Swan Racing Company, LLC v. XXXtreme Motorsport, LLC et al

Filing 76

ORDER granting in part and deferring in part 52 Motion for Sanctions; denying as moot 54 Motion for Summary Judgment; denying as moot 55 Motion for Summary Judgment. Swan and Davis shall submit the requested memorandu m on interest and attorney's fees, as well as an affidavit from an independent attorney attesting to the reasonableness of the requested attorney's fees, no later than 10/26/2016. Signed by District Judge Richard Voorhees on 10/11/2016. (cbb)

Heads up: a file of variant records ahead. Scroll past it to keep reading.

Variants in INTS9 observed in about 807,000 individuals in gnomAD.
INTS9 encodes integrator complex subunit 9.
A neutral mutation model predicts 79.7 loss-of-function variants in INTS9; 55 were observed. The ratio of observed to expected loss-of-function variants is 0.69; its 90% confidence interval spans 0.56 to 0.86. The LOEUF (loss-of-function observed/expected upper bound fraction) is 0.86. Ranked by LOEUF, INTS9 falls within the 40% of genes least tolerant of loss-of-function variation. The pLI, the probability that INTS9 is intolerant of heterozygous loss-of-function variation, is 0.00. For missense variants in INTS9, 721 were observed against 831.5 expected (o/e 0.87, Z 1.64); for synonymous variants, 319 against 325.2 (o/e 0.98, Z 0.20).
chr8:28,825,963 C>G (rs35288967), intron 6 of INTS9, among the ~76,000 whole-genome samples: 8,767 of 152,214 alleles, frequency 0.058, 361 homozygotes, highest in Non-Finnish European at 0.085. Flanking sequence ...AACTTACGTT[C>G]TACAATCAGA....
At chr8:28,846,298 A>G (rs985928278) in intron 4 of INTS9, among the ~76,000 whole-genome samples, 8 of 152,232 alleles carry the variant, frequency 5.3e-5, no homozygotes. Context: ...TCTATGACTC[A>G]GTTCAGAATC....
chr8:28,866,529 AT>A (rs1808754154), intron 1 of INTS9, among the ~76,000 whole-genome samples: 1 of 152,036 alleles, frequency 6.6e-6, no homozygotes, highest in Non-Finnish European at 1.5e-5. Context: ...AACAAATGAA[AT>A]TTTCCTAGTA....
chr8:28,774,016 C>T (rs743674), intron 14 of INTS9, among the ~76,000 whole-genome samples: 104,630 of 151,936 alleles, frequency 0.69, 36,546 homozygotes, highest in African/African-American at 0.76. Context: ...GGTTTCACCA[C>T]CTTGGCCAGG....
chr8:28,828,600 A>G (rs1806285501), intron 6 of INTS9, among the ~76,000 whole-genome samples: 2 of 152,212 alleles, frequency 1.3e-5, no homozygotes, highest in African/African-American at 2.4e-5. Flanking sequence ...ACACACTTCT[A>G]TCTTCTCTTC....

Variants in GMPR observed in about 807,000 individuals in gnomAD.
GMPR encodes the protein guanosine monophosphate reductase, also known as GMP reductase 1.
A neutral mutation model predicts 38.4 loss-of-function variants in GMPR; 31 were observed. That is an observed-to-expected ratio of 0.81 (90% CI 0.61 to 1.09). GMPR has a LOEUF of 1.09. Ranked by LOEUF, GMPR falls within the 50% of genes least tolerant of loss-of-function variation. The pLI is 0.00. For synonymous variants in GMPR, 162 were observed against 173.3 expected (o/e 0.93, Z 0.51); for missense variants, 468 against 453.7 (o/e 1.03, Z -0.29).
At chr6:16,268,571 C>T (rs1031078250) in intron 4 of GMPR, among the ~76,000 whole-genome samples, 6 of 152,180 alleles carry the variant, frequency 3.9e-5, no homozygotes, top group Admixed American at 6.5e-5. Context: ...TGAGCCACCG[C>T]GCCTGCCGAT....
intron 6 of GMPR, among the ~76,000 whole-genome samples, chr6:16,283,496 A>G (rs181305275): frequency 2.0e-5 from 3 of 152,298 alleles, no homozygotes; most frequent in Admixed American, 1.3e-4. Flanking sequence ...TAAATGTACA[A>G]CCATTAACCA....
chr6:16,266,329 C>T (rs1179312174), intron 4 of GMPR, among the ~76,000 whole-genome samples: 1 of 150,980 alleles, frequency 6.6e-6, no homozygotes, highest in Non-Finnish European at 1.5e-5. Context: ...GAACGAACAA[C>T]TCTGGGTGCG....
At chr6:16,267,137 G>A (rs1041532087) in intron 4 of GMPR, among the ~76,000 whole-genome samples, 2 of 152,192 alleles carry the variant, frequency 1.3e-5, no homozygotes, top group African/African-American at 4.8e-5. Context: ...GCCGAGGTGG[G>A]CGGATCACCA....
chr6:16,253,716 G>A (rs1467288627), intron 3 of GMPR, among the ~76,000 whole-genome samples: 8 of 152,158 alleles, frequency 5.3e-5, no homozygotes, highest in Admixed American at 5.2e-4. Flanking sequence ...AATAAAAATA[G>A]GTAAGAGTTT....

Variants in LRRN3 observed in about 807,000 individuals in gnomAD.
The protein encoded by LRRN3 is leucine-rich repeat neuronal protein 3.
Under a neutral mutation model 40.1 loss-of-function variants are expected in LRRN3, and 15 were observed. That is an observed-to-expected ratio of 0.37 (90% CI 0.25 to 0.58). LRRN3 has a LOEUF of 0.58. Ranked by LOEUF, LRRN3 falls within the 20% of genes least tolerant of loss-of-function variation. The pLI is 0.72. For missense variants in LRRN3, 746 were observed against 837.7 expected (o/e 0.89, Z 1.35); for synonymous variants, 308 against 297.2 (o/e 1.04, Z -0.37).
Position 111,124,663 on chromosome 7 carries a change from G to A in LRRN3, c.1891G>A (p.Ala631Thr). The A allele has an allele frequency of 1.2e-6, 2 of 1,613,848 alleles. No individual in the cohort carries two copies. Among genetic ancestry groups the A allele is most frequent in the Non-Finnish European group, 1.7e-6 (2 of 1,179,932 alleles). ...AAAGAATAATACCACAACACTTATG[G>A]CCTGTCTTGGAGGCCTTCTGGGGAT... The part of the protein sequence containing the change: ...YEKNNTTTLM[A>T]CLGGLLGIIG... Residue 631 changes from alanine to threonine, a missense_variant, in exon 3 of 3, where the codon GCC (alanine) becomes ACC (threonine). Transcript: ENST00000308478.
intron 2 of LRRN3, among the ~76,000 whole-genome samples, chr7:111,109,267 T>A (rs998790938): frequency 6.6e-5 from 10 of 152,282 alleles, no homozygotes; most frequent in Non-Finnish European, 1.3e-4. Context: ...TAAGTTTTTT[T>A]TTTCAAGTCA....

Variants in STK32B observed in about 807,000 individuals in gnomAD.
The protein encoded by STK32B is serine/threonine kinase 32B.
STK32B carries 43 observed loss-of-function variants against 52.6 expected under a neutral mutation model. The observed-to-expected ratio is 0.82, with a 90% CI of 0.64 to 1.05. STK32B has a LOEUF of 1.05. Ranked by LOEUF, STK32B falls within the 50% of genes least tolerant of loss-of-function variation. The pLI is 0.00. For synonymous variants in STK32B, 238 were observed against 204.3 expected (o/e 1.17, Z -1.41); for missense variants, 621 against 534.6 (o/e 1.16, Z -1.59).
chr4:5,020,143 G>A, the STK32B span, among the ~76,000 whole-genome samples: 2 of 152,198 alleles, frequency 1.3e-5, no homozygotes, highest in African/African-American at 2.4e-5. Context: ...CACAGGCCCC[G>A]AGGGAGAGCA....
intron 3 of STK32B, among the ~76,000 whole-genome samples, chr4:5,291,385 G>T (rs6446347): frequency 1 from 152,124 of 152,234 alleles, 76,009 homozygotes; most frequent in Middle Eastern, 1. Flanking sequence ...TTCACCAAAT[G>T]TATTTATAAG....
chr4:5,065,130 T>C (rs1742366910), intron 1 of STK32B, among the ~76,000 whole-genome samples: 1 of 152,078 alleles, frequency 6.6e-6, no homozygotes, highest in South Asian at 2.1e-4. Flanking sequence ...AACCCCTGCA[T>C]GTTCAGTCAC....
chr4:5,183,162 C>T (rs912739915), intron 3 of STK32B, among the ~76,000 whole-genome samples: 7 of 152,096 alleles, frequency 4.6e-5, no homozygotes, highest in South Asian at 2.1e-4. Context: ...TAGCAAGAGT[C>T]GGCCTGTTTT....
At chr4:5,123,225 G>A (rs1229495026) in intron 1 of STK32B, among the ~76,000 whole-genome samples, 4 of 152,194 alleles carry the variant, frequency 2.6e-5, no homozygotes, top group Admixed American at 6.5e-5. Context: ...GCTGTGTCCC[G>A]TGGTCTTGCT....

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IN THE UNITED STATES DISTRICT COURT FOR THE WESTERN DISTRICT OF NORTH CAROLINA STATESVILLE DIVISION CASE NO. 5:14-CV-00155-RLV-DCK SWAN RACING COMPANY, LLC, Plaintiff/Counter Defendant, v. XXXTREME MOTORSPORT, LLC AND JOHNATHAN COHEN, Defendants/Counter Claimants/Third-Party Plaintiffs, v. BRANDON DAVIS, Third-Party Defendant. ) ) ) ) ) ) ) ) ) ) ) ) ) ) ) ) ) ) ) ) ) ORDER THIS MATTER IS BEFORE THE COURT on a Motion for Sanctions by Plaintiff/Counter Defendant Swan Racing Company (“Swan”) and Third-Party Defendant Brandon Davis (Doc. 52) and Motions for Summary Judgment by Swan and Davis (Docs. 54, 55). The time for Defendants to file responses, as extended by this Court’s orders of July 29, 2016 and August 31, 2016, having elapsed, the motions are now ripe for disposition. For the reasons stated below, the Motion for Sanctions (Doc. 52) is GRANTED IN PART AND DEFFERRED IN PART and the Motions for Summary Judgment (Docs. 54, 55) are DENIED AS MOOT. 1 I. FACTUAL BACKGROUND Swan is a limited liability company that owned and operated the #30 race team in the Sprint Cup Series of NASCAR (“NASCAR”). (Doc. 1 at 1-2; Doc. 57 at 1). Brandon Davis was the “managing member of and primary decision maker for” Swan at all times relevant to this litigation. (Doc. 57 at 1). XXXtreme Motorsport, LLC (“XXXtreme”) is a limited liability company, managed by Johnathan Cohen, that also operated racing teams in NASCAR. (Doc. 1 at 1; Doc. 19 at 2). In April 2014, Swan decided to discontinue its racing operations in NASCAR and commenced liquidating its racing equipment. (Doc. 57 at 1). Swan alleges, and XXXtreme and Cohen admit, that Swan agreed to sell the #30 race number to XXXtreme. (Doc. 1 at 2; Doc 19 at 3). Swan alleges that the sale agreement obligated XXXtreme to race the #30 car and created a payment structure wherein XXXtreme would pay Swan ten percent of the #30 car’s race winnings until it paid off the purchase price of $200,000. (Doc. 1 at 2; Doc. 57 at 2). Swan also orally agreed to sublease commercial space and car equipment to XXXtreme. (Doc. 1 at 3-4; Doc. 19 at 5). Finally, Swan alleges that after the transfer of the #30 car to XXXtreme but prior to NASCAR approving the sale of the #30 car number, Swan paid race entry fees for the car and that XXXtreme agreed to reimburse Swan for those entry fees. (Doc. 1 at 3; Doc. 57 at 3-4). After the sale of the #30 race number, XXXtreme raced the #30 car in one NASCAR race and then transferred the points associated with the #30 race team to XXXtreme’s #44 race team. (Doc. 1 at 2-3; Doc. 19 at 4). Swan contends that XXXtreme, at the time it entered into the sale agreement for the #30 car, intended to race the #30 car only once and then transfer the points to the #44 race team, thus acquiring and then devaluing the #30 car. (Doc. 1 at 10-11; Doc. 56 at 11-12; Doc. 57 at 3). 2 At the center of Swan’s complaint are disputes over the terms of payment under the sale agreement and the oral sublease agreement, the reimbursement of race entry fees, and the contractual obligations placed on XXXtreme to race the #30 car. (See Doc. 1 at 3-4; Doc. 19 at 47). As against XXXtreme, Swan’s complaint consists of (1) four breach of contract claims (sale agreement of #30 car, sublease of commercial space, use of car equipment within commercial space, and reimbursement of race entry fees) (Claims One through Four); (2) four alternative claims sounding in quantum meruit for the items underlying the alleged agreements in the contract claims (Claims Five through Eight); and (3) a claim alleging an Unfair and Deceptive Trade Practice (UDTP) under N.C. Gen. Stat. § 75-1.1, et seq. (Claim Nine) (Doc. 1 at 5-12). Swan only brings Claim Nine, the UDTP claim, against Cohen. Id. at 10-11. As part of their amended answer to Swan’s complaint, XXXtreme and Cohen raise three counterclaims/third-party claims against Swan and Davis respectively. (Doc. 19 at 20-22). The first of the claims alleges that Swan and Davis breached the sublease agreement for the commercial space by locking XXXtreme out of the space. Id. at 20. The second claim is for conversion and alleges that, when Swan and Davis locked XXXtreme out of the commercial space, Swan and Davis refused to permit XXXtreme to remove its equipment from the space and either used or sold XXXtreme’s equipment. Id. at 20-21. In their third, and final, claim, XXXtreme and Cohen assert that Swan and Davis’s breach of the sublease agreement constituted an UDTP. Id. at 21-22. II. PROCEDURAL BACKGROUND Swan commenced this action by filing its complaint on September 24, 2014. (Doc. 1). The complaint was served on Defendants on September 26, 2014, making Defendants’ answers to the complaint due on October 17, 2014. (See Doc.57); see also Fed. R. Civ. P. 12(a)(1)(A)(i) (allowing 21 days from service for filing of answer). On October 15, 2014, Cohen, appearing pro se, filed a 3 motion to extend the time to answer the complaint, asserting that he was still in the process of finding legal counsel in North Carolina. (Doc. 6 at 1). This Court granted the motion to extend and established a new deadline of November 14, 2014, for Defendants to file their answers to the complaint. (Doc. 7). November 14, 2014, came and went without Defendants filing their answers or otherwise communicating with the Court. On November 18, 2014, Cohen filed a letter asking for a second thirty-day extension for Defendants to file answers to the complaint, citing his continued difficulty in retaining legal counsel in North Carolina as the basis for the extension. (Doc. 8). The Court granted, with modification, the motion for a second extension and gave Defendants until December 5, 2014, to file their answers to the complaint. (Doc. 9). The Court’s order also advised Defendants that “[f]urther extensions of this deadline are unlikely.” Id. December 5, 2014, came and went without Defendants filing their answers or otherwise communicating with the Court. On December 10, 2014, Drew Alan Richards entered an appearance on behalf of Defendants and filed an answer to the complaint, which included XXXtreme and Cohen’s counterclaim and third-party complaint.1 (Docs. 12, 14). Swan and Davis filed motions to dismiss XXXtreme and Cohen’s counterclaim and thirdparty complaint respectively and XXXtreme and Cohen filed an amended answer, timely responded to the motions to dismiss, and filed a motion to dismiss Swan’s UDTP claim. (Docs. 16-17, 19-20, 22, 25-26, 28). This Court denied the motions to dismiss and counsel for the parties held an initial conference at which they formulated a discovery plan and pretrial schedule. (Doc. 34). This Court issued a pretrial order adopting the parties’ proposed pretrial deadlines and setting a trial ready date of September 12, 2016. (Doc. 35). Under the order, the parties were to complete discovery by February 29, 2016, and the filing of motions and mediation were to be completed by 1 Defendants never filed a motion seeking an extension of the December 5, 2014, deadline to file their answers. See Fed. R. Civ. P. 6(b)(1)(B). 4 March 31, 2016. Id. at 2-4. The pretrial order warned the parties that “[f]ailure to comply with any of the provisions of this Order which causes added delay or expense to the Court may result in the imposition of sanctions as provided by the Federal Rules of Civil Procedure.” Id. at 8. On February 12, 2016, with the close of discovery deadline looming, Swan and Davis filed a consent motion to extend the pretrial deadlines. (Doc. 36). The motion indicated that disputes existed regarding Defendants’ discovery responses and Swan and Davis “agreed to allow Defendants until February 26, 2016 to supplement their responses in hopes of resolving the current discovery dispute.” Id. at 2. This Court granted the motion to extend the pretrial deadlines, setting a new discovery deadline of April 30, 2016, and a new motions and mediation deadline of May 31, 2016. (Doc. 37). On March 18, 2016, the discovery dispute having not been resolved, Swan and Davis filed a motion to compel. (Doc. 38). Responses from Defendants to the motion to compel were due on April 4, 2016. (See Doc. 41). On March 28, 2016, Richards, citing Defendants’ failure to fully compensate him and failure to provide him with a retainer to cover fees and expenses, moved to withdraw as counsel for Defendants. (Doc. 40). Identifying procedural deficiencies in the motion to withdraw, this Court denied the motion without prejudice. (Doc. 41). Attorney Richards filed a renewed and amended motion to withdraw that reasserted his original basis for withdrawing and represented that Defendants were “unwilling or unable” to provide him with the discovery information sought by Swan and Davis. (Doc. 42 at 2). The Court issued a show cause order giving Defendants until April 25, 2016, to demonstrate why Richards should not be permitted to withdraw from representation and extending the deadline for Defendants to respond to the motion to compel discovery to May 2, 2016. (Doc. 43). In the order, the Court noted that “Defendants’ alleged failure to participate in their defense or cooperate with their counsel appears to be causing 5 unnecessary delays in this litigation.” Id. at 2. The order further advised Defendants “that they are required to cooperate in the discovery process” and warned Defendants that “failure to provide or permit discovery may result in sanctions including the following: reasonable expenses caused by the failure; default judgment against the disobedient party; or treating as contempt of court the failure to obey any order.” Id. at 2-3 (citing Fed. R. Civ. P. 37(b)(2)(A), (d)). Defendants did not submit any filings.2 On May 3, 2016, the Court issued an order granting Richards’s motion to withdraw and granting Swan and Davis’s motion to compel. (Doc. 47). The order directed Defendants to (1) supplement their discovery responses by May 17, 2016; (2) have new counsel file a notice of appearance by May 17, 2016; and (3) pay the reasonable expenses incurred by Swan and Davis in pursuing the motion to compel. Id. at 3-4. The order also labeled Defendants’ conduct as “dilatory” and warned them that further failure to adhere to court orders will result in additional sanctions. Id. at 3. The certified mailings to Defendants with the order granting the motion to withdraw and the motion to compel were returned as unclaimed and undeliverable. (Doc. 48-51). The deadlines in the Court’s May 3, 2016, order came and went without any contact from or action by Defendants. Furthermore, Defendants did not attend depositions or mediation. (See Doc. 52, Exs. 7, 8 (deposition transcripts); Doc. 59 at 2 (affidavit of counsel for Swan and Davis attesting that Defendants did not attend mediation)). On June 24, 2016, Swan and Davis filed the 2 Swan and Davis filed a response to the renewed motion to withdraw, in which they indicated that they (1) did not oppose the motion so long as granting the motion did not further delay proceedings; (2) served notices of depositions on Defendants for April 27, 2016; and (3) believed “Defendants behavior in responding to discovery and participating in this lawsuit reflects a consistent pattern of inaction and non-responsiveness designed to prolong or delay obligations and outcomes both within and without th[e] litigation.” (Doc. 44 at 2-3). Richards, on behalf of Defendants, filed a motion to extend the pretrial deadlines because Cohen was unavailable on the date identified in the notices of depositions. (Doc. 45). The motion represented that Cohen requested that the deposition be moved to May 25, 2016, and that Swan agreed to accommodate Cohen’s request. Id. at 2. This Court denied the motion to extend without prejudice because Defendants had not responded to the motion to compel; however, the Court noted that the pretrial order allowed the parties to consent to a deposition date beyond the discovery deadline. (Doc. 46). 6 pending motions for sanctions and for summary judgment. (Docs. 52, 54-55). In the motion for sanctions, Swan seeks a default judgment in its favor on the claims raised in its complaint and Swan and Davis seek dismissal of XXXtreme and Cohen’s counterclaim and third-party complaint, as well as reasonable expenses, including attorney’s fees, stemming from Defendants’ failure to comply with the order compelling discovery and failing to attend depositions and mediation. (Doc. 52 at 7-8). A Court order established July 29, 2016, as the deadline for Defendants to respond to Swan and Davis’s motions and advised Defendants that the “[f]ailure to file timely and persuasive responses will likely lead to Plaintiff and Third-Party Defendant being granted the relief they seek.” (Doc. 58). On July 29, 2016, this Court received two letters: a letter from Robert W. Piken, an attorney from New York and not barred in North Carolina, representing that he was trying to assist Cohen in obtaining new counsel and a letter form Cohen implicitly indicating that he was unaware that Richards’s motion to withdraw was granted and asking for an extension until August 19, 2016, to respond to Swan and Davis’s motions. (Doc. 60, 62). This Court construed Cohen’s letter as a motion for an extension of time and granted the motion with modification, giving Defendants until August 15, 2016 to file their responses to Swan and Davis’s motions. (Doc. 63). As with most every other deadline, August 15, 2016, came and went with no submissions from Defendants. On August 19, 2016, the date to which Cohen unsuccessfully requested an extension, Attorney Piken entered an appearance.3 (Doc. 66). On August 23, 2016, Attorney David William Hands filed a notice of appearance as local counsel on behalf of Defendants. (Doc. 67). Also on August 23, 2016, Piken filed a letter requesting that the already once-extended deadline for Defendants to respond to the motions be extended a second time, with a proposed new Piken’s notice of appearance occurred two months after the Court-imposed deadline for Defendants to file a notice of appearance of new counsel. (See Doc. 47 at 4). 3 7 deadline of September 26, 2016. (Doc. 69). This Court denied the request without prejudice because the letter did not comply with the Local Rules governing motions for extensions. 4 (Doc. 71). On August 29, 2016, Defendants filed a new motion to extend that complied with the Local Rules but did not identify a specific date through which the extension was sought. (Doc. 72). In an effort to give Defendants one final opportunity to respond to the motion for sanctions and the motions for summary judgment, the Court granted Defendants’ motion for an extension, extending the deadline for responses to September 19, 2016. (Doc. 74). The order, however, warned that “[f]urther extensions will not be allowed.” Id. As of the date of this order, Defendants have not filed any responses. III. DISCUSSION In their motion for sanctions, Swan and Davis contend that Defendants’ general refusal to participate in the litigation, including their failure to respond to discovery requests and the Court’s order compelling discovery, justifies (1) striking Defendants’ amended answer, affirmative defenses, counterclaim, and third-party complaint; (2) dismissing Defendants’ counterclaim and third-party complaint; (3) entering a default judgment in favor of Swan on Swan’s complaint— specifically with damages on Claims Two, Three, Four, and Nine; and (4) awarding reasonable expenses, including attorney fees, related to Defendants’ failure to comply with the order compelling discovery and their failures to attend depositions and mediation. (Doc. 52 at 7-8). With respect to the entry of default judgment, Swan seeks a total principal judgment of $688,519.20 against XXXtreme and a total principal judgment of $600,000.00 against Cohen, as 4 The Court also indicated a reluctance to grant the extension as requested, partially because the requested deadline of September 26, 2016, would result in the motions becoming ripe very close to the already once-delayed trial ready date of October 31, 2016. (Doc. 71 at 2). 8 well as applicable interest on all claims and reasonable attorney’s fees on its UDTP claim.5 (Doc. 1 at 5-12; Doc. 52 at 6-7). Rule 37(b) of the Federal Rules of Civil Procedure provides, in relevant part, as follows: If a party . . . fails to obey an order to provide or permit discovery, . . . the court where the action is pending may issue further just orders. They may include the following: . . . (iii) striking pleadings in whole or in part; . . . (v) dismissing the action or proceeding in whole or in part; [or] (vi) rendering a default judgment against the disobedient party[.] Fed. R. Civ. Pro. 37(b)(2)(A). Rule 37 also provides that “the court must order the disobedient party . . . to pay the reasonable expenses, including attorney’s fees, caused by the failure, unless the failure was substantially justified or other circumstances make an award of expenses unjust.” Fed. R. Civ. Pro. 37(b)(2)(C). Furthermore, where a party fails to attend its own deposition or serve answers to interrogatories, the Court may impose any of the sanctions available under Fed. R. Civ. P. 37(b)(2)(C) and the same requirement is placed on the court with respect to the award of related reasonable expenses, including attorney’s fees. Fed. R. Civ. P. 37(d)(1). The Court typically has broad discretion to impose sanctions on a party who fails to comply with its discovery orders. Hathcock v. Navistar Int'l Transp. Corp., 53 F.3d 36, 40 (4th Cir. 1995). However, “[w]hen the sanction involved is judgment by default, the district court’s range of discretion is more narrow because the district court’s desire to enforce its discovery orders is confronted head-on by the party’s rights to a trial by jury and a fair day in court.” Mut. Fed. Sav. 5 As to XXXtreme, Swan seeks $200,000.00 on the sale agreement for the #30 car, $27,052.20 on the commercial sublease agreement, $51,827.00 for the car equipment, and $9640.00 for the race entry fees. (Doc. 1 at 5-8). Should Swan prevail on its UDTP claim, Swan seeks $200,000.00, trebled to $600,000.00, in lieu of the $200,000.00 it seeks on its breach of contract claim regarding the sale agreement for the #30 car. (Doc. 52 at 7); see N.C. Gen. Stat. § 7516 (permitting treble damages). As to Cohen, Swan seeks $200,000.00, trebled to $600,000.00, on its UDTP claim. (Doc. 52 at 7). 9 & Loan Ass’n v. Richards & Assocs., Inc., 872 F.2d 88, 92 (4th Cir. 1989) (internal quotation marks omitted) (citing Wilson v. Volkswagen of Am., Inc., 561 F.2d 494, 503-04 (4th Cir. 1977)). The sanction of default judgment “should normally not be imposed so as to foreclose the merits of controversies as punishment for general misbehavior save in that rare case where the conduct represents such flagrant bad faith and callous disregard of the party’s obligation under the Rules as to warrant the sanction not simply for the purpose of preventing prejudice to the discovering party but as a necessary deterrent to others.” Wilson, 561 F.2d at 504 (citation and internal quotation marks omitted). When considering whether to impose the sanction of default judgment or dismissal, a court shall apply a four-part test that evaluates: (1) whether the noncomplying party acted in bad faith; (2) the amount of prejudice his noncompliance caused his adversary, which necessarily includes an inquiry into the materiality of the evidence he failed to produce; (3) the need for deterrence of the particular sort of noncompliance; and (4) the effectiveness of less drastic sanctions. Richards & Assocs., 872 F.2d at 92; see also Anderson v. Found. For Advancement, Educ. & Emp’t of Am. Indians, 155 F.3d 500, 504 (4th Cir. 1998). The Court concludes that the four-part test supports granting default judgment in favor of Swan on its claims and dismissing XXXtreme and Cohen’s counterclaim and third-party complaint. Looking at the first part of the test, “a pattern of indifference and disrespect to the authority of the court” can support a finding of bad faith. Richards & Assocs., 872 F.2d at 93. As detailed supra in the procedural history section, Defendants repeatedly missed deadlines, submitted fillings on the schedule they preferred rather than the schedule adopted by the Court, did not appear for depositions despite the depositions being scheduled on a date of Cohen’s choosing, and appear unfazed by the Court’s warnings about sanctions. In the course of this proceeding, Defendants have unilaterally sought and received five extensions, repeatedly allowed 10 deadlines to elapse without filing a required submission or seeking an extension of the deadline, and failed to file responses to this Court’s show cause order and to Swan and Davis’s three most recent motions. Of these extensions and elapsed deadlines, three of the extensions and two of the elapsed deadlines pertain to matters tied to the discovery process and/or delayed the discovery process. Further, the few fillings in response to discovery requests that Defendants provided were wholly inadequate and Defendants failed to supplement their responses as required by this Court’s order granting Swan and Davis’s motion to compel. (See Doc. 38, Exs. C-G); see, e.g., Anderson, 155 F.3d at 504 (default judgment appropriate where party “stonewalled on discovery from the inception of the lawsuit” and continued to miss court-ordered deadlines); Water Out Drying Corp. v. Allen, 2007 WL 2746889, at *1 (W.D.N.C. Sept. 19, 2007) (failing to provide answers to discovery requests despite a clear court order constitutes “bad faith”); Green v. John Chatillon & Sons, 188 F.R.D. 422, 424 (M.D.N.C. 1998) (“Noncompliance with discovery orders can serve as a basis for a finding of bad faith.”). Finally, in the face of the Court’s patience and repeated efforts to permit Defendants to oppose discovery efforts and sanctions, raise meritorious defenses, and pursue their claims, Defendants, other than when filing motions for extensions, have remained largely silent in what amounts to at least a pattern of indifference but may more appropriately be viewed as representative of an effort to intentionally delay this proceeding. Accordingly, the first part of the test favors granting a default judgment in favor of Swan and dismissing Defendants’ claims. Looking at the second factor, the trial ready date in this over two-year-old case was postponed from September 12, 2016 to October 31, 2016. As of the date of this order, trial was scheduled to commence within twenty days. Yet, despite the age of this case, Defendants have not provided Swan and Davis any meaningful discovery such that Swan and Davis would, absent 11 this Court granting their motion for sanctions, be forced to choose between guessing as to the evidence Defendants might seek to present at trial and asking for a continuance of the trial date with the hope, albeit extremely minimal, that Defendants might choose to adequately respond to the discovery requests and motions before a later trial ready date. See Lynch v. Novant Med. Grp., Inc., 2009 WL 2915039, at *7 (W.D.N.C. Sept. 8, 2009) (finding the inability to obtain complete discovery responses prejudicial). In light of the considerable delays and extensions of time already granted in this case, almost all entirely at the hands of Defendants, any further delay in adjudication would most certainly rise to the level of “justice delayed is justice denied.” Accordingly, the second part of the test favors granting a default judgment in favor of Swan and dismissing Defendants’ claims. Turning to the third part of the test, a stiff sanction is necessary in this case to deter similar conduct by other parties in other cases. As stated by the United States Court of Appeals for the Fourth Circuit, “not only does the noncomplying party jeopardize his or her adversary’s case by such indifference [to the court’s orders], but to ignore such bold challenges to the district court’s power would encourage other litigants to flirt with similar misconduct.” Richards & Assocs., 872 F.2d at 92 (citing Nat'l Hockey League v. Metro. Hockey Club, Inc., 427 U.S. 639, 643, 96 S. Ct. 2778, 49 L. Ed. 2d 747 (1976)). The Defendants conduct has repeatedly impeded this Court’s ability to manage the case, forcing the Court to alter the case management plan, push back the trial ready date for this over two-year-old case, and rule on dispositive motions in close proximity to the existing trial ready date. See e.g. Ellis v. Wal-Mart Distributions, 2011 WL 3804233, at *2 (W.D.N.C. Aug. 2, 2011) (magistrate judge R&R finding need to deter where party’s delay undermined Court’s ability to manage the case) (adopted sub nom by Ellis v. Distrib. Tech., Inc., 12 2011 WL 3804233 (W.D.N.C. Aug. 29, 2011). Therefore, the third part of the test favors granting a default judgment in favor of Swan and dismissing Defendants’ claims. Finally, with respect to the fourth part of the test, it is apparent that no sanction short of default judgment on Swan’s claims and dismissal of Defendants’ claims will be effective. This Court already imposed the lesser sanction of holding Defendants responsible for Swan and Davis’s reasonable expenses, including attorney’s fees, for Defendants’ failure to comply with Swan and Davis’s discovery requests. (Doc. 47). Furthermore, the Court has repetitively warned Defendants that their failure to comply with the Court’s order would result in additional sanctions, including the entry of a default judgment, yet Defendants have shown little or no intent of complying with this Court’s orders. See Anderson, 155 F.3d at 505 (holding that where sanction of attorney fees in combination with threat of default judgment does not deter party, default judgment is appropriate “last-resort sanction”); Hathcock, 53 F.3d at 40 (requiring clear warning by court before imposing default judgment sanction); see also Viswanathan v. Scotland Cty. Bd. of Educ., 165 F.R.D. 50 (M.D.N.C. 1995) (case dismissed after explicit warning from court that further noncompliance would result in dismissal), aff'd by 76 F.3d 377 (table), 1996 WL 36916 (4th Cir. Jan. 31, 1996)); Green, 188 F.R.D. 422 (same). For these reasons, the Court finds it appropriate to (1) STRIKE Defendants’ amended answer to Swan’s complaint; (2) GRANT A DEFAULT JUDGMENT in favor of Swan, with an award of damages on Claims Two, Three, Four, and Nine; (3) DISMISS XXXtreme and Cohen’s counterclaim and third-party complaint; and (4) DEFER action on Swan and Davis’s requests for interest on Claims Two, Three, Four, and Nine, request for attorney fees on Claim Nine, and request for reasonable expenses, including attorney’s fees, under Fed. R. Civ. P. 37. The default judgment against XXXtreme shall be based on a total principal judgment of $688,519.20, and the 13 default judgment against Cohen shall be based on a total principal judgment of $600,000.00. 6 Additionally, Defendants shall be responsible for Swan and Davis’s reasonable expenses, including attorney’s fees, related to Defendants’ failure to comply with the order compelling discovery and for Defendants’ failure to attend mediation and to attend depositions. Swan and Davis shall submit a memorandum outlining Swan’s basis for entitlement to pre-judgment interest, providing calculations regarding the rate and amount of interest Swan claims it is entitled to, and outlining the attorney’s fees Swan may recover under Claim Nine and the reasonable expenses, including attorney’s fees, Swan and Davis may recover under Fed. R. Civ. P. 37.7 IV. DECRETAL IT IS, THEREFORE, ORDERED THAT (1) Swan and Davis’s motion for sanctions (Doc. 52) is GRANTED IN PART AND DEFFERRED IN PART. (2) Swan and Davis’s motions for summary judgment (Docs. 54, 55) are DENIED AS MOOT. Granting a default judgment and dismissing XXXtreme and Cohen’s claims renders Swan and Davis’s motions for summary judgment moot because Swan and Davis are unable to obtain further relief through those motions. 7 The Court notes that Swan and Davis’s attorney filed an affidavit indicating a total attorney fee of $77,226.00 for the case, with $14,649.55 attributable to the motion to compel and motion for sanctions. (Doc. 59). The Court, however, is unable to determine the reasonableness of the asserted fees where the affidavit does not provide any information regarding the number of hours counsel, and his associates and staff, spent working on each aspect or motion of the case or the hourly rate charged for the relevant legal services. Furthermore, the affidavit either does not differentiate between expenses and attorney’s fees or does not include any figures regarding expenses, such that the Court is presently unable to fashion a judgment fully encompassing Swan and Davis’s right to relief. Finally, Swan and Davis have not submitted an affidavit from an independent attorney, who practices in the area, attesting to the reasonableness of the requested attorney fees. See Howard’s Yellow Cabs, Inc. v. United States, 1998 WL 682485, at *5 (W.D.N.C. Mar. 19, 1998); see also Joe Hand Promotions, Inc. v. KJ’z Wings & Ale, LLC, 2015 WL 1549105, at *3 (D.S.C. Apr. 8, 2015); Hart’s Rocky Mountain Retreat, Inc. v. Gayhart, 2007 WL 2491856, at *3 (D. Colo. Aug. 29, 2007). 6 14 (3) Swan and Davis shall submit the requested memorandum on interest and attorney’s fees, as well as an affidavit from an independent attorney attesting to the reasonableness of the requested attorney’s fees, no later than October 26, 2016. Signed: October 11, 2016 15